but it’s not photography

On March 2, 2019
Hello all!  Last month I was inundated with posts and articles and newsletters on mental health, and it was awesome.  I’m late to the party, but I’ve got a few things to say as well. In the shared life experiences of just my husband and myself, two people out of millions and millions, we’ve been […]

Hello all!  Last month I was inundated with posts and articles and newsletters on mental health, and it was awesome.  I’m late to the party, but I’ve got a few things to say as well.

In the shared life experiences of just my husband and myself, two people out of millions and millions, we’ve been touched by suicide, depression – both clinical and postpartum, self harm, anxiety disorders, panic attacks, mental illness and psychotic breaks, and many more issues that were present in our circles, but were never revealed or discussed.  Now that’s not to say that all of those things happened to us directly, but we were close to it and affected by all of it.  Because that’s how mental health works.  There is a ripple effect for every positive and every negative aspect of mental health.  When someone you love is struggling, you’re struggling too, albeit in a different way.  When someone you love it thriving, you also reap those rewards.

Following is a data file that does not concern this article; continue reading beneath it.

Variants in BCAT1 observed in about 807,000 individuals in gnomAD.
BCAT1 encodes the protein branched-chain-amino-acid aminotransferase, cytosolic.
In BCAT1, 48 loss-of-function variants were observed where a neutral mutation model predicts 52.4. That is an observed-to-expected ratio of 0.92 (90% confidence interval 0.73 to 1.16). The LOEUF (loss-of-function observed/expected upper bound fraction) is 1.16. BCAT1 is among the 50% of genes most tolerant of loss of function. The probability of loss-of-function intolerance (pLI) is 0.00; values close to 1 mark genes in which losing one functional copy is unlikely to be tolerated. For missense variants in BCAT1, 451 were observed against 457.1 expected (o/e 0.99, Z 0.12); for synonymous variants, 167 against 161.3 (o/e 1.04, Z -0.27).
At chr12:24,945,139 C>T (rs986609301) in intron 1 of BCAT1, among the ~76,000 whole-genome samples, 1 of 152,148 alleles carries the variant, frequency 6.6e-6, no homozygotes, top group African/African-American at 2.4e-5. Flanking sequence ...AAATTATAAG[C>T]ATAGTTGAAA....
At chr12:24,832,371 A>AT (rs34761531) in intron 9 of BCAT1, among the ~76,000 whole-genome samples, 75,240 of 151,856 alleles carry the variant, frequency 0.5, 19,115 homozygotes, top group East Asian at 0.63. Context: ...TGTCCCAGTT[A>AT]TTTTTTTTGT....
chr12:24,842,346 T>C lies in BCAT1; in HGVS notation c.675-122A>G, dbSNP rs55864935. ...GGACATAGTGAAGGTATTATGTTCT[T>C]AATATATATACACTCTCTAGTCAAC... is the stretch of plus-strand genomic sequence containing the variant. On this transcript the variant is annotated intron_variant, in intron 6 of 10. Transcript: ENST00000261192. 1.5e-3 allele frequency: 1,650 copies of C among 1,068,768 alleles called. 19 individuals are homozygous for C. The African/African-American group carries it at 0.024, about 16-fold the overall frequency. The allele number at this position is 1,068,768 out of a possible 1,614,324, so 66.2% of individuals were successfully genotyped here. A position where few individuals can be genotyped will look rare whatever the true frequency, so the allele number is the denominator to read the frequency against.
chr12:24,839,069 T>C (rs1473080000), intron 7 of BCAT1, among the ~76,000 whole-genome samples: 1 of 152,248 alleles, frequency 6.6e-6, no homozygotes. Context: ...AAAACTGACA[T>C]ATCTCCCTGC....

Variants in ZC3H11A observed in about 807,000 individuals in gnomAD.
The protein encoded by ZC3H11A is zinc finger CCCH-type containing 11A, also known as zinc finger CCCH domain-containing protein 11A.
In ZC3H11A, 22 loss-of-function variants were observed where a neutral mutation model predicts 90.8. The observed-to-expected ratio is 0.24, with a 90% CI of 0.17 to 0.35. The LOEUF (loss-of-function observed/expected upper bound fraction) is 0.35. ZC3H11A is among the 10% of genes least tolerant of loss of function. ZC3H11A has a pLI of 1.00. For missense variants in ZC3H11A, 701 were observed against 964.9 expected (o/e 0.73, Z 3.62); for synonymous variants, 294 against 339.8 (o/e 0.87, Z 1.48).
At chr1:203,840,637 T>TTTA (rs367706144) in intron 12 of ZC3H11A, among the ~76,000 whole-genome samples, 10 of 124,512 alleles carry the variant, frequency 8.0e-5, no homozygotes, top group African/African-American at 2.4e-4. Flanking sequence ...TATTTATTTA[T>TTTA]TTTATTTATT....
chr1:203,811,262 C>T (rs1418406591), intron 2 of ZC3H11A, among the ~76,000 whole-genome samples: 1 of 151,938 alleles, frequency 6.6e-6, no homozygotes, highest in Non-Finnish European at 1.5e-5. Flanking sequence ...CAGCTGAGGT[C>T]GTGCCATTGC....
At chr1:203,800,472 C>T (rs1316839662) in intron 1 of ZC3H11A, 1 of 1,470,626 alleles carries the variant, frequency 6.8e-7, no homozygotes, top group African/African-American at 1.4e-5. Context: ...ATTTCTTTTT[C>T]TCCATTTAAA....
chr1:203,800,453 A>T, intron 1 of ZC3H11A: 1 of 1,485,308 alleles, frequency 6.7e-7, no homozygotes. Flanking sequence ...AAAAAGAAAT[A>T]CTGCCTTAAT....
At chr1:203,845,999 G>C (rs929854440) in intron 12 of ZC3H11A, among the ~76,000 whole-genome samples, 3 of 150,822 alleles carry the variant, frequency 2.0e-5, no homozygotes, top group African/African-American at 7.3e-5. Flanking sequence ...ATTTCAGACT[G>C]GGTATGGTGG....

In this house, self care is a very real and serious thing.  It’s something we constantly work on as a family, and individually, because without a focus on self care, our mental health pretty much goes to hell, and let’s be honest – it’s a short trip for a loving relationship to follow one’s own personal trip to hell.  I have my things that I like to do for my well being and Jared has his.  They’re not the same things and that’s great.  We have never been that couple that has all of the same interests and passions, so why force it now when it matters the most?

My thing is, like most of my interests, art based.  But spoiler alert:  It’s not more photography.  My “me time” is doing pottery.

I love to make bowls and mugs and pots, glaze them in all of my favourite colours, and then force them onto friends and family.  I set aside time once a week for this and I rarely miss it.  When I do miss it, I notice a huge difference in myself.  Without that meditative release and that feeling of creating something, I can become a real… er… not nice person.  My pottery has nothing to do with my photography, and also has everything to do with my photography.  Stay with me here for a second, I’ll explain.  When I make pottery, it isn’t because I’m trying to influence my photography business.  I’m not doing it for praise or recognition, and I’m not trying to make money from it.  But.  When I make pottery it centers me (pun intended) and gives me a small moment that is just for me.  It’s a selfish act but not the negative connotation of selfish.  More like taking care of oneself-ish.  It makes me a better person and artist, and the inspiration I get from pottery definitely affects my photography.  When my head is clear, I am able to focus (omg another pun!!) on my business and get shit done.  So, my pottery has nothing and also everything to do with my photography.

Jared’s thing is… well he’s got a few.  Sports are big for him, but winter is so so SO long, and in the past year he’s developed a passion for traditional wet shaving.